A short and simple tale. Two brothers meet.
Updated: Jun 23, 2022
My younger brother provides my verifiable first memory. In a taxi. In the rain. In Aberdeen.
I was -- what? -- three and a half years old (so that's not yesterday). Joe was maybe two or three days old.
My father, who did not drive a car, took us with him in a taxi to pick up our new baby brother and my mum from the hospital. Me and my older brother waited in the taxi -- cos we were 3 and 6 and it was a different era. When mum, dad and (as far as we knew) our nameless baby brother returned to sit in the taxi, we were introduced.
We've been friends ever since.
Joe is now older. He received an MBE from Her Maj not long ago for decades of good work with alienated youth and troubled kids. He and Stephanie (they've been married like forever) took early retirement. Some time before that they bought a Trullo in southern Italy with 90 olive trees and all kinds of fruit trees: orange, lemon, quince, fig, pomegranate, plums, damson, and cherry. They split their time between Scotland and their plot of peace and tranquility about 10 minutes drive outside a small town in Puglia called Francavilla Fontana.
The land has no postal address and very bad Wifi. How good is that?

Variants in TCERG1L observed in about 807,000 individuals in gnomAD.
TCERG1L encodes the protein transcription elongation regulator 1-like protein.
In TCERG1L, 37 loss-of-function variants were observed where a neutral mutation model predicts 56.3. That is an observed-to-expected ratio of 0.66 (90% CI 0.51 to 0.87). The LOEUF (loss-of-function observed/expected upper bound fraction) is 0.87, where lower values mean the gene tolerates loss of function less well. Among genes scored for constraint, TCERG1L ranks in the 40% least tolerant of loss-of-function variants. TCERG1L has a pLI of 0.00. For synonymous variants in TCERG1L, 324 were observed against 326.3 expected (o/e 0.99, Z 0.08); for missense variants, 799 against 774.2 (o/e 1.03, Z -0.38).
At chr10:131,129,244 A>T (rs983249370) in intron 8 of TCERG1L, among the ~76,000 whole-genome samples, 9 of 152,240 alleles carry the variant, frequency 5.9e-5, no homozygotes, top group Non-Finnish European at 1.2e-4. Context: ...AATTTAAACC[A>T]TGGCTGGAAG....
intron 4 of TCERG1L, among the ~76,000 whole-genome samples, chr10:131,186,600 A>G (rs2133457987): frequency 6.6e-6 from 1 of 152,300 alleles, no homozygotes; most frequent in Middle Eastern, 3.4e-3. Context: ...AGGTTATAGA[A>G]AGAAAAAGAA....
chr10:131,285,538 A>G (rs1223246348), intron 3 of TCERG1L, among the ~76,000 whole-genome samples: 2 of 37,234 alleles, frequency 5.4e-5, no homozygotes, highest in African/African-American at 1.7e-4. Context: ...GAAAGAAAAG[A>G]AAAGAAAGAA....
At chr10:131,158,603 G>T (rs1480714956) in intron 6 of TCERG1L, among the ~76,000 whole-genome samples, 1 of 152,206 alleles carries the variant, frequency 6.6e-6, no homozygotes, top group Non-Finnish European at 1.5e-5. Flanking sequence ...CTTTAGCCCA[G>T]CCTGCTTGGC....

We've not seen one another for six years.
So this morning Spike and I boarded yet another Frecciarossa 1000 very fast train at Roma Termini. Seven hours later -- after an uneventful but very fast trip -- we got off the train in Brindisi on Italy's south east coast.
Joe was late because it's the country and time is a wee bit elastic there. I went off to look for him and while I was looking in the wrong place he showed up where Spike expected him.
Brothers. We can be that way.
Joe drove us to the Trullo with no postal address.
As we drove up a track through someone else's olive grove and saw their home in Puglia I almost stopped breathing. I fell in love immediately. Some places do that. People can too.
Spike and Joe hauled me out of the car and we were reunited with Stephanie for the first time in six years also. There were hugs and kisses and laughter and relief. Scottish men did not weep for joy.
It had been a long day.
We dined. They drank wine. I drank tea. We blethered endlessly.
Night fell late but quickly, as it does in southern Italy. But before all light was gone I remembered the obligatory photograph. Joe, Stephanie, Spike and a two cone Trullo.
Tomorrow we'll be given a tour of 'the farm'. It will not take long. You can see the whole property by spinning ever so slowly on the spot without pausing to breathe.